iLearn Web Site

All learning materials will be published on iLearn including lecture slides and assessment details.

You are required to check the iLearn website at least once a week to ensure that you are aware of the latest materials available there.

Unit Forum

A forum for unit discussions is provided on iLearn. Students are free to post questions, comments or hints in relation to any aspect of the unit, except that you should avoid posting any questions, hints, comments or solutions that could be interpreted as cheating.


  1. “Distributed Systems: Principles and Paradigms” by Maarten van Steen and Andrew Tanenbaum, 3rd (3.01) edition.
  2. “Distributed Systems: Concepts and Design” by George Coulouris, Jean Dollimore, and Tim Kindberg, Addison Wesley, 5th edition.
  3. “Distributed and Cloud Computing: From Parallel Processing to the Internet of Things” by Geoffrey C. Fox, Jack Dongarra, and Kai Hwang, 1st edition.

* A soft copy of each of these three books is freely available online through publisher's websites.


Methods of Communication

We will communicate with you via your university email or through announcements on iLearn. Queries to the teaching staff members including the unit convenor can either be placed on the iLearn discussion board or sent to corresponding email addresses from your university email address.


COVID Information

For the latest information on the University’s response to COVID-19, please refer to the Coronavirus infection page on the Macquarie website: Remember to check this page regularly in case the information and requirements change during semester. If there are any changes to this unit in relation to COVID, these will be communicated via iLearn.

Unit Schedule

The detailed unit schedule will be available on iLearn. The unit is organised into two 6-week periods, with topics approximately as follows.

Week 1-6: Key distributed concepts, such as System models, Architectures, Communications, Synchronisation and Fault tolerance.

Weeks 7-12: Applied distributed computing models and emerging distributed systems, such as virtualisation, cloud computing and the Internet of Things (IoT).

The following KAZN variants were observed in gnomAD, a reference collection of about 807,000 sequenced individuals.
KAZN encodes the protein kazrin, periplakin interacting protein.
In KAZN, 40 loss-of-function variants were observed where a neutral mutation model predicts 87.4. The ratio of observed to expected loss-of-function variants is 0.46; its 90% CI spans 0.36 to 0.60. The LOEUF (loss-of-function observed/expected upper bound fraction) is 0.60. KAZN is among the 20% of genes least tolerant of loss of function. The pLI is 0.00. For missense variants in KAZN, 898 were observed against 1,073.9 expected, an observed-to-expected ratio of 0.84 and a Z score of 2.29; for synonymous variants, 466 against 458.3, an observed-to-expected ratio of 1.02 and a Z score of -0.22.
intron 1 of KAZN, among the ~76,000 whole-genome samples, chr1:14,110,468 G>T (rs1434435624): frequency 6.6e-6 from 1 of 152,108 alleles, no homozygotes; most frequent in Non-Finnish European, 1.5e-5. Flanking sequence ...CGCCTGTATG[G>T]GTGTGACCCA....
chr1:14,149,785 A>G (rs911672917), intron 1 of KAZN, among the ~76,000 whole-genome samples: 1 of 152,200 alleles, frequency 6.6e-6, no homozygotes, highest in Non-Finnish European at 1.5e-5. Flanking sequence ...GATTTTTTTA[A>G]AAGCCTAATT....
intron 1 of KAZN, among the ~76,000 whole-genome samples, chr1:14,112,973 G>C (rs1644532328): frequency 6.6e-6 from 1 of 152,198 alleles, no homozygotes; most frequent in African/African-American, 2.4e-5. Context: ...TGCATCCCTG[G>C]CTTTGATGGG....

Policies and Procedures

Macquarie University policies and procedures are accessible from Policy Central ( Students should be aware of the following policies in particular with regard to Learning and Teaching:

Students seeking more policy resources can visit Student Policies ( It is your one-stop-shop for the key policies you need to know about throughout your undergraduate student journey.

To find other policies relating to Teaching and Learning, visit Policy Central ( and use the search tool.

Student Code of Conduct

Macquarie University students have a responsibility to be familiar with the Student Code of Conduct:


Results published on platform other than eStudent, (eg. iLearn, Coursera etc.) or released directly by your Unit Convenor, are not confirmed as they are subject to final approval by the University. Once approved, final results will be sent to your student email address and will be made available in eStudent. For more information visit or if you are a Global MBA student contact

Academic Integrity

At Macquarie, we believe academic integrity – honesty, respect, trust, responsibility, fairness and courage – is at the core of learning, teaching and research. We recognise that meeting the expectations required to complete your assessments can be challenging. So, we offer you a range of resources and services to help you reach your potential, including free online writing and maths support, academic skills development and wellbeing consultations.

Student Support

Macquarie University provides a range of support services for students. For details, visit

The Writing Centre

The Writing Centre provides resources to develop your English language proficiency, academic writing, and communication skills.

The Library provides online and face to face support to help you find and use relevant information resources. 

Student Services and Support

Macquarie University offers a range of Student Support Services including:

Student Enquiries

Got a question? Ask us via AskMQ, or contact Service Connect.

IT Help

For help with University computer systems and technology, visit

When using the University's IT, you must adhere to the Acceptable Use of IT Resources Policy. The policy applies to all who connect to the MQ network including students.

Unit information based on version 2023.03 of the Handbook